Molecular Therapy Beyond Sorafenib in HCC: New Pathways, Targets Being Explored
Many molecularly targeted agents that inhibit different pathways of hepatocarcinogenesis are under clinical development, and novel targets are being assessed in hepatocellular carcinoma (HCC). These efforts were described by Andrew X. Zhu, MD, PhD.
Sorafenib remains the only systemic agent to improve survival in advanced HCC. It improves median overall survival (OS), but median survival is still only about 10 months. Unfortunately, multiple more potent or selective antiangiogenic agents have failed to improve on this outcome.
“While we develop new therapies, a concerted and parallel effort must be made to identify and validate biomarkers of response, resistance, and toxicity to better match patients with safe, effective therapies,” said Zhu, director of liver cancer research at Massachusetts General Hospital, Boston, MA.
Surpassing sorafenib may require a combination of antiangiogenic agents with cytotoxic chemotherapy or with other molecularly targeted therapies to allow for synergy or additive effects. “Alternatively, it might require moving beyond the antiangiogenesis approach and targeting cell-autonomous pathways involved in hepatocarcinogenesis, such as the HGF/c-MET, PI3K/AKT/mTOR, or FGF/FGFR pathways,” he said.
Antiangiogenic agents including pazopanib, lenvatinib, axitinib, and ramucirumab are in clinical development for treating HCC. Based on phase 2 data, lenvatinib and ramucirumab have advanced to phase 3 evaluation.
Although HCCs are highly vascular tumors with increased levels of vascular endothelial growth factor (VEGF), multiple VEGF receptor (VEGFR) inhibitors have failed to improve OS in HCC. This failure has prompted reconsideration of targeting VEGFR in HCC, said Zhu. Future efforts should focus on developing surrogate and predictive markers to identify patients likely to benefit from antiangiogenic treatment.
Antiangiogenics are being combined with chemotherapy (sorafenib plus doxorubicin) in late-stage clinical trials, and with targeted therapies (ie, bevacizumab) in early-phase trials.
mTOR regulates protein translation, angiogenesis, and cell cycle progression in HCC. mTOR inhibitors have been shown to inhibit cell growth and tumor vascularity in HCC cell lines and HCC tumor models. The mTOR inhibitor everolimus failed to extend OS compared with best supportive care in the multicenter EVOLVE-1 trial of 546 patients with advanced HCC. Nevertheless, the preclinical promise of inhibiting the mTOR pathway has led to the development of other mTOR inhibitors, such as temsirolimus and sirolimus, and CC-223, which is a dual inhibitor of TORC1/TORC2.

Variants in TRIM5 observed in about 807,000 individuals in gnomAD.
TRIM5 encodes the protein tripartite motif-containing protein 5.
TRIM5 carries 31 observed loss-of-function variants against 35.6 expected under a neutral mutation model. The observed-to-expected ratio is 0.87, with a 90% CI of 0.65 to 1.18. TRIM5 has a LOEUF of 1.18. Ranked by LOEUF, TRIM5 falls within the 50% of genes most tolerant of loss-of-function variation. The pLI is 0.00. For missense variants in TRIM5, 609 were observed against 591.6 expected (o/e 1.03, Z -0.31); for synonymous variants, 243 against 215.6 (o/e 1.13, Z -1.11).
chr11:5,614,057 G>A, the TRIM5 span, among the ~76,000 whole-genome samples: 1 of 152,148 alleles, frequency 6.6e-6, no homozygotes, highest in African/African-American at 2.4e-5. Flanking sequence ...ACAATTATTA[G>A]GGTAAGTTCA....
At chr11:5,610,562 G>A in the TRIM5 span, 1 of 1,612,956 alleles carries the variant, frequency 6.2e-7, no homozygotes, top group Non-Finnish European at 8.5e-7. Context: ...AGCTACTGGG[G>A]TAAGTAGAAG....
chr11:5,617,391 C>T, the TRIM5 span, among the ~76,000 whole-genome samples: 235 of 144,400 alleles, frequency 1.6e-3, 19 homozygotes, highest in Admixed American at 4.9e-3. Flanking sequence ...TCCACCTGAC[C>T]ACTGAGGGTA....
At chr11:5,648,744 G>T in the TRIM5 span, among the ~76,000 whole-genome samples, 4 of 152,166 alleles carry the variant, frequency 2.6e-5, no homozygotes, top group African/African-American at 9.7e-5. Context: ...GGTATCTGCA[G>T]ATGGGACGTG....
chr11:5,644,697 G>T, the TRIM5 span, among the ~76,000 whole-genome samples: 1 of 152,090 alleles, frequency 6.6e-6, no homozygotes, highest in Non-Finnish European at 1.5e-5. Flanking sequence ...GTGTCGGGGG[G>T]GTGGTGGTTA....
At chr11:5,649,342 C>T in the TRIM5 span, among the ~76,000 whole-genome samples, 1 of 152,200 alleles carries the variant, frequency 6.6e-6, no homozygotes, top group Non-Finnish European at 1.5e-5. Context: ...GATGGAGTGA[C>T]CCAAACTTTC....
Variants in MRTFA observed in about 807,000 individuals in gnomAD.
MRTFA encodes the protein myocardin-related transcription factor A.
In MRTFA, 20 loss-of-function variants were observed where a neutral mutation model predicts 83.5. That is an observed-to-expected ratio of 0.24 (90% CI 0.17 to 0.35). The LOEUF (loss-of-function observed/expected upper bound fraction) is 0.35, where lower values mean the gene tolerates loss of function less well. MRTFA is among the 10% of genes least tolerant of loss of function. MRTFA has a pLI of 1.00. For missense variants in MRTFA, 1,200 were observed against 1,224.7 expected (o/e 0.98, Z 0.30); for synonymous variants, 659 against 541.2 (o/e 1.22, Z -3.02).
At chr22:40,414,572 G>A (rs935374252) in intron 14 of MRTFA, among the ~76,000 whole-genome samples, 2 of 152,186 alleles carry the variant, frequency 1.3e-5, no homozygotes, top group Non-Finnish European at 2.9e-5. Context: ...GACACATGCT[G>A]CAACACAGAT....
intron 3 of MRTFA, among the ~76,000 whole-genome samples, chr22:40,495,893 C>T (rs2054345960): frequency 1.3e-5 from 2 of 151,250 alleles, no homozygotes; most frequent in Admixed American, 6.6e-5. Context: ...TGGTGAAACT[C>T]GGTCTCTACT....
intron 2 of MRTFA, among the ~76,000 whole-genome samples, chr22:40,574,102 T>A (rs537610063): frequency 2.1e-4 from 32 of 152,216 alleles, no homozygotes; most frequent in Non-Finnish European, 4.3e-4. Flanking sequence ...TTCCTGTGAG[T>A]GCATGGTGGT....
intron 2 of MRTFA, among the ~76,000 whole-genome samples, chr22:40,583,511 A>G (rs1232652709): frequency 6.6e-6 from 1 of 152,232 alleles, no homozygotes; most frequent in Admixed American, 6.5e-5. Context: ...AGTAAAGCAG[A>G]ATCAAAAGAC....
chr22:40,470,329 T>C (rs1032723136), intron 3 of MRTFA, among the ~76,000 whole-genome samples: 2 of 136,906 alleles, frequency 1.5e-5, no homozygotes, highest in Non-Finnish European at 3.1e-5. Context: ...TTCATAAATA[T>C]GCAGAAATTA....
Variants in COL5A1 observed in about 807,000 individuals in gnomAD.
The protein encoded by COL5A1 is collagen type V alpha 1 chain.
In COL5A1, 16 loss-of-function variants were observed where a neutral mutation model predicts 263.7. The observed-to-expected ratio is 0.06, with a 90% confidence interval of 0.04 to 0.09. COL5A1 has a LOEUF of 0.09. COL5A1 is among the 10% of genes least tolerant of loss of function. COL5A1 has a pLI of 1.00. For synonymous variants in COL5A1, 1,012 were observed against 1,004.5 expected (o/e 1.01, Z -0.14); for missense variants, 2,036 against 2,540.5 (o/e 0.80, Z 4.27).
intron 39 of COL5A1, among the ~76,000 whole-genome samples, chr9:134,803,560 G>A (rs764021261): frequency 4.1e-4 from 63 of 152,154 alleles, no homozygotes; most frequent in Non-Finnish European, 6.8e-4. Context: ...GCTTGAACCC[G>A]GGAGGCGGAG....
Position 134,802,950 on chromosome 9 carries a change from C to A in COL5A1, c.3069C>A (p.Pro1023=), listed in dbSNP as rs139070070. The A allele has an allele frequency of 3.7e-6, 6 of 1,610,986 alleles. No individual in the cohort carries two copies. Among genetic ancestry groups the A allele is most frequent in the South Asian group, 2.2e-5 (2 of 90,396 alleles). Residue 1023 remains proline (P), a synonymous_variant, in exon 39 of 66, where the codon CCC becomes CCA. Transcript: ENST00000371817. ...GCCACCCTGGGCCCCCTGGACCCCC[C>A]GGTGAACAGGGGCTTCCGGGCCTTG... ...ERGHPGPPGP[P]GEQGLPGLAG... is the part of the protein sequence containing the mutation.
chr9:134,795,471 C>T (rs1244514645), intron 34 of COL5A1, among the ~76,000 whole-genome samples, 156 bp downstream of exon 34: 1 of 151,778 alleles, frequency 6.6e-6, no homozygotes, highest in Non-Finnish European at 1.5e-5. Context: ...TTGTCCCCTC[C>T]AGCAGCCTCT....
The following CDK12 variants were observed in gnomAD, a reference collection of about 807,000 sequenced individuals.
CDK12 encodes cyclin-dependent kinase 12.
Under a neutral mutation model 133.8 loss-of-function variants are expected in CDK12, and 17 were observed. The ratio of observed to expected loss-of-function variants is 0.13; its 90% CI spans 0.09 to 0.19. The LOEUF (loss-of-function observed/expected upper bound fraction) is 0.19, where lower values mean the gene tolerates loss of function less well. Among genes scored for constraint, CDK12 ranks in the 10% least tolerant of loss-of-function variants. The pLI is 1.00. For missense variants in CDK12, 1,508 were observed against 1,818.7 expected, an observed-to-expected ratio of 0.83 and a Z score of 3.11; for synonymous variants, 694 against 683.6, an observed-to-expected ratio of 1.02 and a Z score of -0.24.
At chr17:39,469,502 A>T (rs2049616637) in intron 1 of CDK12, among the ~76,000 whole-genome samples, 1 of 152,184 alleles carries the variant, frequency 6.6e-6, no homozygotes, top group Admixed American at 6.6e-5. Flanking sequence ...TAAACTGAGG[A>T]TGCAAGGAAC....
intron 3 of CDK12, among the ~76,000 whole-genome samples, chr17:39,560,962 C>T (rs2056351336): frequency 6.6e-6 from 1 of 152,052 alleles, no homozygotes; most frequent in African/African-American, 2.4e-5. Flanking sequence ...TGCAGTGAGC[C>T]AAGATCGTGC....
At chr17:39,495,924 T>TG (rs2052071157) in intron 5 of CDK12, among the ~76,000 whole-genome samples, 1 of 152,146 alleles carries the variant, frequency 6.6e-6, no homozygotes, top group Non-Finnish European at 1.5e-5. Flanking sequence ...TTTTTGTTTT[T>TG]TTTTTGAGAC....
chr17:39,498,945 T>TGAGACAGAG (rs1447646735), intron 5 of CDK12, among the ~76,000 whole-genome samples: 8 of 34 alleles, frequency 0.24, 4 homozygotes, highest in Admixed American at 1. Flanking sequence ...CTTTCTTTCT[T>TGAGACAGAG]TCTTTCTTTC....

In the realm of immune-based therapy for HCC, “perhaps the most excitement comes from the inhibitors targeting the checkpoint pathway,” said Zhu.
A phase 1 trial has been conducted with tremelimumab, a fully human IgG2 monoclonal antibody that blocks cytotoxic CTLA-4 in hepatitis C virus–related HCC. It generated a modest response rate of 17% and a progression-free survival of approximately 6 months in 17 evaluable patients. It also modulated hepatitis C viral load. The PD-1 inhibitor nivolumab is also entering clinical trials.
The HGF/c-MET pathway has a significant role in promoting angiogenesis, proliferation, and metastasis in HCC.
c-MET inhibitors have shown early evidence of modest efficacy. Tivantinib, a selective, non-ATP–competitive inhibitor of c-MET, improved time to progression, particularly in patients with tumors with a high MET signature, compared with placebo in a phase 2 study. The median OS in patients with MET-high tumors was 7.2 months with tivantitib versus 3.8 months with placebo. “If you enrich the right population, you may achieve the clinical benefit,” he said.
Cabozantinib, a receptor tyrosine kinase inhibitor of c-MET/VEGFR2, is also in phase 3 evaluation in patients in whom sorafenib has failed or could not be tolerated. It demonstrated antitumor activity in a randomized discontinuation phase 2 study, with a median progression-free survival of 4.2 months.
Cancer Stem Cells
Novel approaches to targeting cancer stem cells (CSCs) are being explored in multiple cancers, including advanced HCC. Hepatocarcinogenesis and the regulation of CSCs have both been shown to involve the Wnt pathways. OMP-54F28, a fusion protein, targets CSCs, bulk tumor cells, and tumor stromal cells. A phase 1/2 study combining OMP-54F28 and sorafenib for the first-line treatment of advanced HCC is under way.
In my medical oncology practice at Johns Hopkins, I see approximately 4 patients with nonmetastatic NSCLC per week. Most of these patients are referrals from either pulmonary medicine or thoracic surgery. A patient with early stage disease initially sees a pulmonologist for diagnosis and may then be referred to a thoracic surgeon. The thoracic surgeon may refer the patient to us in medical oncology if there is an indication to enroll the patient in a clinical trial or for systemic therapy. In a community oncology practice, patients tend to go to surgery first and are then referred to the medical oncologist for adjuvant chemotherapy. In academic centers, it is more common for patients to be seen in a multidisciplinary setting.
On December 12, 2019, the FDA issued draft guidance to implement amendments to the Federal Food, Drug, and Cosmetic (FD&C) Act that will facilitate early assessment of studies of molecularly targeted oncology drugs that may be effective in the treatment of pediatric cancers.